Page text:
The recent deaths of writers Tom Wolfe and Philip Roth provided me the opportunity to revisit more than just their books and novels, but gave me license to re-examine what I had written about them in The Book Shopper: A Life in Review (2009), this blog's namesake. Rather than force blog readers to order a copy of The Book Shopper on Amazon or wait until I drop a copy in my little neighborhood library, I have posted a few scans of a couple sidebars from The Book Shopper.
This excerpt is about my longtime friend and collaborator Dave who has been my book shopping mentor since 1979. I am proud to say that Dave and I still keep in touch. He and I even did a brief collaboration on Down & Outbound: A Mass Transit Satire (2016) as well (also available on Amazon). Dave is still a huge Roth fan and below is his account of meeting Roth at a reading in Seattle in 1993.
I am not as a big Roth fan as Dave, but I did read Roth's The Plot Against America (2010), which has regained some notoriety because of its haunting similarity to our current political climate. In the novel, the populist Charles Lindbergh is elected President of the United States instead of Franklin Delano Roosevelt and becomes somewhat of a dictator, endorsing the policies Adolf Hitler and removing many civil liberties.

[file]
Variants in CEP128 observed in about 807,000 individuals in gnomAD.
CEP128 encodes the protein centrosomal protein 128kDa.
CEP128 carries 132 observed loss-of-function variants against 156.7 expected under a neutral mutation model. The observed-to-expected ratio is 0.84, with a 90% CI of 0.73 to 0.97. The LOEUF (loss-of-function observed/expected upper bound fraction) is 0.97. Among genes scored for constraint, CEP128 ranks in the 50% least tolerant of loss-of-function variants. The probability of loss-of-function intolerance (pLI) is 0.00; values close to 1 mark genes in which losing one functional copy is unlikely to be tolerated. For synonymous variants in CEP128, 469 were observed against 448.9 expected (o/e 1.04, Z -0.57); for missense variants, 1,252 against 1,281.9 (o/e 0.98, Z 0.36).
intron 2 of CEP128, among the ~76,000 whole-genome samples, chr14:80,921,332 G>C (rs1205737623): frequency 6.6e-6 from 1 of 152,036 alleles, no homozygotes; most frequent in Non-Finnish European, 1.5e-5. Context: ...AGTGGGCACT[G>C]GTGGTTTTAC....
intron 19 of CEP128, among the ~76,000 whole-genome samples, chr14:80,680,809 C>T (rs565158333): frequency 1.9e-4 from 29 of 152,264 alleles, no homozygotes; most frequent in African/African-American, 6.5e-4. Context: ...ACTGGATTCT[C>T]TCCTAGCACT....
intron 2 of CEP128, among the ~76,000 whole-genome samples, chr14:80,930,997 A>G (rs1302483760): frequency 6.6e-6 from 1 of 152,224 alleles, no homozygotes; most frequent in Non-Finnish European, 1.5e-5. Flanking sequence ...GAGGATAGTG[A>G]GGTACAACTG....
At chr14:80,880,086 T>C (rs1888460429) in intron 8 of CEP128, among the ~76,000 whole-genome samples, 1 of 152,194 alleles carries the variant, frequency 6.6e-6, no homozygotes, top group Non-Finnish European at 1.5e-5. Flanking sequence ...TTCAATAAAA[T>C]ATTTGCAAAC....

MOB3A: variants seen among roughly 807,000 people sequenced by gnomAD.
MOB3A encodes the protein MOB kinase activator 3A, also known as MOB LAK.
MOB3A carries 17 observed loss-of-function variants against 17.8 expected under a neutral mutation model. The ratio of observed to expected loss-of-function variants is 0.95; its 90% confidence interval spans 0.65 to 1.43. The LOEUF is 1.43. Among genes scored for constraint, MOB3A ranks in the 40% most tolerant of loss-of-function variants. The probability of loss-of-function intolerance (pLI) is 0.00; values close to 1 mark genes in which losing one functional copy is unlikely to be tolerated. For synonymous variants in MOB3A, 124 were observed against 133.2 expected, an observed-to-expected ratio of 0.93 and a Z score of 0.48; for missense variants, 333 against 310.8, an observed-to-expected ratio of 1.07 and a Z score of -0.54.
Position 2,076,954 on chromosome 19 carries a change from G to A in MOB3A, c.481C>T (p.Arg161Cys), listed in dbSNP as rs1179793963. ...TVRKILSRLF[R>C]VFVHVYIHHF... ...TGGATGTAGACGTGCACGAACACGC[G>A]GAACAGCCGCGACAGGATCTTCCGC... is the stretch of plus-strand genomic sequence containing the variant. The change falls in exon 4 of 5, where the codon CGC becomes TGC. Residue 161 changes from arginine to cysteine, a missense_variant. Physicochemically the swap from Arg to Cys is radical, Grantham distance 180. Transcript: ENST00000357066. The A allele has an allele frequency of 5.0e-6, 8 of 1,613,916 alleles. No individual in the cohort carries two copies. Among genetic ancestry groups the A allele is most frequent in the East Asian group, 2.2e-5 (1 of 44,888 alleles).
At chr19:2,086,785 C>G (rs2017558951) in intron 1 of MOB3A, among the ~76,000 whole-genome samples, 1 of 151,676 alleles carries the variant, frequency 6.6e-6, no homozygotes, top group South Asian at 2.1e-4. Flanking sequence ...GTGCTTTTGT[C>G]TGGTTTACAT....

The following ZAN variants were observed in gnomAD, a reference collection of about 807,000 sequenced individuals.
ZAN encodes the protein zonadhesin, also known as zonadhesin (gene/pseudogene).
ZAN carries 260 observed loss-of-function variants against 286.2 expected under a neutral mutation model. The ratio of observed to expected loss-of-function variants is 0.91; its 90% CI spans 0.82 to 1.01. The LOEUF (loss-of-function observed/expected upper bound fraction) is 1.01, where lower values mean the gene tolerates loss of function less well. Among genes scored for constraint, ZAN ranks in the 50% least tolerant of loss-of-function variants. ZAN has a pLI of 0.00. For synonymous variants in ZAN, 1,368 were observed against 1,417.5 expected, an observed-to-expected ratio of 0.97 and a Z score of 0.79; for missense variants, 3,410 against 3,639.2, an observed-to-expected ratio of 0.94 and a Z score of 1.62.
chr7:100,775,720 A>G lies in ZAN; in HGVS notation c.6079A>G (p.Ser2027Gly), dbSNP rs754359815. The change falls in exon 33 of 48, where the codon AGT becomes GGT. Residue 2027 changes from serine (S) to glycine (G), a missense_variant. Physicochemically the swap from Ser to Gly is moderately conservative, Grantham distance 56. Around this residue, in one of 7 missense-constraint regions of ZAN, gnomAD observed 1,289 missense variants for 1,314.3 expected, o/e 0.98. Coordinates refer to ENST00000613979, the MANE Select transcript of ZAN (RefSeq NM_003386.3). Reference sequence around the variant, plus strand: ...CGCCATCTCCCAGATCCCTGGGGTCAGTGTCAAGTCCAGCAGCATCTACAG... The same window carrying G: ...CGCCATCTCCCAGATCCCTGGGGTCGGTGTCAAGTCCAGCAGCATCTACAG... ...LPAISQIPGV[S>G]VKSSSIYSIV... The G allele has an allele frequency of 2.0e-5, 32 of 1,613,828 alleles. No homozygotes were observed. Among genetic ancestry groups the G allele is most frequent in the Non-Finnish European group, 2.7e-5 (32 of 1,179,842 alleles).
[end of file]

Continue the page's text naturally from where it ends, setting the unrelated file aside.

I still have one book on my Roth reading list -- The Great American Novel, (1973) which is a whimsical novel about baseball.
I have been reading Tom Wolfe since college in the 1970s and you can still find a tattered paperback of The Electric Kool-Aid Acid Test next to my copy of Kandy-Kolored Tangerine-Flaked Streamlined Baby (1966). My favorite books of his are The Right Stuff (1979) about the Mercury astronauts and the early days of the NASA space program and one of his lesser known works --From Bauhaus to Our House, (1981) his slim primer about twentieth-century architecture.
Now that I live in Atlanta, his A Man in Full (1998) which I read before moving here, has more meaning to me than just as a fancy plant holder.